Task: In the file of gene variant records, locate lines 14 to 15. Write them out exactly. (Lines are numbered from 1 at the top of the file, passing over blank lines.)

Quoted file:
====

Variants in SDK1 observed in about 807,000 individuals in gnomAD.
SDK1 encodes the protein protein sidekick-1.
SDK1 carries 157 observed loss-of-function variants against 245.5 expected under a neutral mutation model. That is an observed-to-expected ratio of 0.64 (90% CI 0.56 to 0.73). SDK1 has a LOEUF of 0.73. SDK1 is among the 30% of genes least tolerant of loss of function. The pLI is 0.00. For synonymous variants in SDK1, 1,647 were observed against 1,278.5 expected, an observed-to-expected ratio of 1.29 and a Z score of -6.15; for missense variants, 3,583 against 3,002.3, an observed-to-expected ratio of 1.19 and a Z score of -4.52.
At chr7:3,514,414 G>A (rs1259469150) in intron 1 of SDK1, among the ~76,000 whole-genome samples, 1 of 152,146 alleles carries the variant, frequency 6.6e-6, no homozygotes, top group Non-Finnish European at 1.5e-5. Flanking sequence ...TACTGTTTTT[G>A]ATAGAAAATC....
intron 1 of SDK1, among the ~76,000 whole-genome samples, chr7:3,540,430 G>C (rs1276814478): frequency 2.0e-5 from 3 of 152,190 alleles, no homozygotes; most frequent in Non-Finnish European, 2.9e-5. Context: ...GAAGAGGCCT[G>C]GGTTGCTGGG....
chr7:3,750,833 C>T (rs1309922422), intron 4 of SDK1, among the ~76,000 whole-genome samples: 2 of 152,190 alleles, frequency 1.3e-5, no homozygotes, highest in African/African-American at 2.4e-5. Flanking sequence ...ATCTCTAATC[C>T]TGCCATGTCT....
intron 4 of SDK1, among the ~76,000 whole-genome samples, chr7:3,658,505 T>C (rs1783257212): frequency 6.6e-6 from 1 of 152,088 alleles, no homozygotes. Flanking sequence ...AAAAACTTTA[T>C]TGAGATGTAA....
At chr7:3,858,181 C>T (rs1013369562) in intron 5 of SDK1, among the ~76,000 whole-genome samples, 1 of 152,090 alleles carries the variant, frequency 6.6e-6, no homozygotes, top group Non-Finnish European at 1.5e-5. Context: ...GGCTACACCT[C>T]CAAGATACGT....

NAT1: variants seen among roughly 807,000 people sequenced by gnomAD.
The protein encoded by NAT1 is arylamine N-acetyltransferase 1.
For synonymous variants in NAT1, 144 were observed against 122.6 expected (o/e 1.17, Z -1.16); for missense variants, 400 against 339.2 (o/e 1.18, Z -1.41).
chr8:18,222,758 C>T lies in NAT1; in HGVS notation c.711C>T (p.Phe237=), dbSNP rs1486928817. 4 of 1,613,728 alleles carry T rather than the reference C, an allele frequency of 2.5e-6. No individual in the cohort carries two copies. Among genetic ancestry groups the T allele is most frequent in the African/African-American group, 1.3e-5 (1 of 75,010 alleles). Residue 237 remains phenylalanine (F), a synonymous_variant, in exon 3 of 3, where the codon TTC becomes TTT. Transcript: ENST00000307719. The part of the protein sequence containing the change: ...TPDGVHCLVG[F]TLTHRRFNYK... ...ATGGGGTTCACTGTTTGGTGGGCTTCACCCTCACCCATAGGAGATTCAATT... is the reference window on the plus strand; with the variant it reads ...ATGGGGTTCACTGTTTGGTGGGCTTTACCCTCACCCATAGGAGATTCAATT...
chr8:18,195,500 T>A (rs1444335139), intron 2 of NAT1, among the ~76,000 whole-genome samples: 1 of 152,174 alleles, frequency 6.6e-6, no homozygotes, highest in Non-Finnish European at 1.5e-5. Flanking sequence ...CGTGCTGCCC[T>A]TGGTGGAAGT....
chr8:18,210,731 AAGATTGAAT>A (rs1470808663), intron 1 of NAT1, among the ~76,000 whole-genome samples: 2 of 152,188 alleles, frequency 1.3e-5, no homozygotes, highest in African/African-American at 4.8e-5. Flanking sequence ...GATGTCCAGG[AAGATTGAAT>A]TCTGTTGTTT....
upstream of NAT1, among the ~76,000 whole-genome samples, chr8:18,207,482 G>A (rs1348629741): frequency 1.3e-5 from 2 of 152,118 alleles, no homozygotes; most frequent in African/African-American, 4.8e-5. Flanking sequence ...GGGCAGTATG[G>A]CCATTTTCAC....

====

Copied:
chr8:18,210,731 AAGATTGAAT>A (rs1470808663), intron 1 of NAT1, among the ~76,000 whole-genome samples: 2 of 152,188 alleles, frequency 1.3e-5, no homozygotes, highest in African/African-American at 4.8e-5. Flanking sequence ...GATGTCCAGG[AAGATTGAAT>A]TCTGTTGTTT....
upstream of NAT1, among the ~76,000 whole-genome samples, chr8:18,207,482 G>A (rs1348629741): frequency 1.3e-5 from 2 of 152,118 alleles, no homozygotes; most frequent in African/African-American, 4.8e-5. Flanking sequence ...GGGCAGTATG[G>A]CCATTTTCAC....